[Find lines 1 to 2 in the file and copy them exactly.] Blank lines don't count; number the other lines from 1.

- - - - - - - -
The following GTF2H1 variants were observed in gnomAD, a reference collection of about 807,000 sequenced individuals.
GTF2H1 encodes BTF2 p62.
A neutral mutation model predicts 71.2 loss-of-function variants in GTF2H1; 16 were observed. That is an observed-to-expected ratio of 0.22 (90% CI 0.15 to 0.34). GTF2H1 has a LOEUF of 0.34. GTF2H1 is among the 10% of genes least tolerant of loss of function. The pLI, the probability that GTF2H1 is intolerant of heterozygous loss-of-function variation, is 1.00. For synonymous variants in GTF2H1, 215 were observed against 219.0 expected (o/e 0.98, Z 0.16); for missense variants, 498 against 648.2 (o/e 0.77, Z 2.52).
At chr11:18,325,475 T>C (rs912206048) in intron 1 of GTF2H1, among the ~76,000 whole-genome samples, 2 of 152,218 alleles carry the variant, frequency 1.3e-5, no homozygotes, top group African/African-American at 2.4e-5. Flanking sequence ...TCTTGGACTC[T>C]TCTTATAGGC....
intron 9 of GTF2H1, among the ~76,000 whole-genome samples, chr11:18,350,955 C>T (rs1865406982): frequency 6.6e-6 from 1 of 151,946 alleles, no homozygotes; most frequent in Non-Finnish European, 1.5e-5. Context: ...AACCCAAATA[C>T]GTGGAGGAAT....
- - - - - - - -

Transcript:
The following GTF2H1 variants were observed in gnomAD, a reference collection of about 807,000 sequenced individuals.
GTF2H1 encodes BTF2 p62.